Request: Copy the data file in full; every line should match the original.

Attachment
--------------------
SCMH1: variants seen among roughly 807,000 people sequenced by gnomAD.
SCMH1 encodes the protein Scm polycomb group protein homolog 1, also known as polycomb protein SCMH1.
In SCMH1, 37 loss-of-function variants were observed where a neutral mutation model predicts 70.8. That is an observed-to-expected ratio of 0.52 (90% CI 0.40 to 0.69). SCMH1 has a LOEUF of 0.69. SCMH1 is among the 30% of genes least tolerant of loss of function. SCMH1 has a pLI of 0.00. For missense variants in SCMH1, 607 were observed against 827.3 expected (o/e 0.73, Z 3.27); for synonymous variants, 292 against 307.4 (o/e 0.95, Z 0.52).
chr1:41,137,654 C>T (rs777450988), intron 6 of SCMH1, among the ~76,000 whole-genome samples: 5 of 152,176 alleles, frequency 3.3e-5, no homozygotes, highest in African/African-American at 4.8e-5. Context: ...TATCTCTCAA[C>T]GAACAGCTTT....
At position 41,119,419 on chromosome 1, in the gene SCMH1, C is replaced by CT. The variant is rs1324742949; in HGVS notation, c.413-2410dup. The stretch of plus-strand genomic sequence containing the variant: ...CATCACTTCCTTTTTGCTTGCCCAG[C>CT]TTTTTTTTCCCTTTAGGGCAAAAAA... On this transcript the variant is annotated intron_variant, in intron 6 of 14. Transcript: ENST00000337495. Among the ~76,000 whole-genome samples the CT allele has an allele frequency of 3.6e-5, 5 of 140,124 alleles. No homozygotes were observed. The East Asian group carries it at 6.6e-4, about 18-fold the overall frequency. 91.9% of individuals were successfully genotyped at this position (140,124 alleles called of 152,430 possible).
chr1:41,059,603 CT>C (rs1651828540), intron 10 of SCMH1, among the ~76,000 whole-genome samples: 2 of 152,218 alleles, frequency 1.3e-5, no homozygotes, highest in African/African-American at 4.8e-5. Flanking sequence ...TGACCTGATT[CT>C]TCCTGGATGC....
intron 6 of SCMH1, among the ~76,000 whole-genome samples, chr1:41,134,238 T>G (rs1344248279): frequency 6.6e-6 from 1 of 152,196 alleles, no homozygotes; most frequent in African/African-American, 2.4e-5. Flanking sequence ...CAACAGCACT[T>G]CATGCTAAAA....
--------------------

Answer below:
SCMH1: variants seen among roughly 807,000 people sequenced by gnomAD.
SCMH1 encodes the protein Scm polycomb group protein homolog 1, also known as polycomb protein SCMH1.
In SCMH1, 37 loss-of-function variants were observed where a neutral mutation model predicts 70.8. That is an observed-to-expected ratio of 0.52 (90% CI 0.40 to 0.69). SCMH1 has a LOEUF of 0.69. SCMH1 is among the 30% of genes least tolerant of loss of function. SCMH1 has a pLI of 0.00. For missense variants in SCMH1, 607 were observed against 827.3 expected (o/e 0.73, Z 3.27); for synonymous variants, 292 against 307.4 (o/e 0.95, Z 0.52).
chr1:41,137,654 C>T (rs777450988), intron 6 of SCMH1, among the ~76,000 whole-genome samples: 5 of 152,176 alleles, frequency 3.3e-5, no homozygotes, highest in African/African-American at 4.8e-5. Context: ...TATCTCTCAA[C>T]GAACAGCTTT....
At position 41,119,419 on chromosome 1, in the gene SCMH1, C is replaced by CT. The variant is rs1324742949; in HGVS notation, c.413-2410dup. The stretch of plus-strand genomic sequence containing the variant: ...CATCACTTCCTTTTTGCTTGCCCAG[C>CT]TTTTTTTTCCCTTTAGGGCAAAAAA... On this transcript the variant is annotated intron_variant, in intron 6 of 14. Transcript: ENST00000337495. Among the ~76,000 whole-genome samples the CT allele has an allele frequency of 3.6e-5, 5 of 140,124 alleles. No homozygotes were observed. The East Asian group carries it at 6.6e-4, about 18-fold the overall frequency. 91.9% of individuals were successfully genotyped at this position (140,124 alleles called of 152,430 possible).
chr1:41,059,603 CT>C (rs1651828540), intron 10 of SCMH1, among the ~76,000 whole-genome samples: 2 of 152,218 alleles, frequency 1.3e-5, no homozygotes, highest in African/African-American at 4.8e-5. Flanking sequence ...TGACCTGATT[CT>C]TCCTGGATGC....
intron 6 of SCMH1, among the ~76,000 whole-genome samples, chr1:41,134,238 T>G (rs1344248279): frequency 6.6e-6 from 1 of 152,196 alleles, no homozygotes; most frequent in African/African-American, 2.4e-5. Flanking sequence ...CAACAGCACT[T>G]CATGCTAAAA....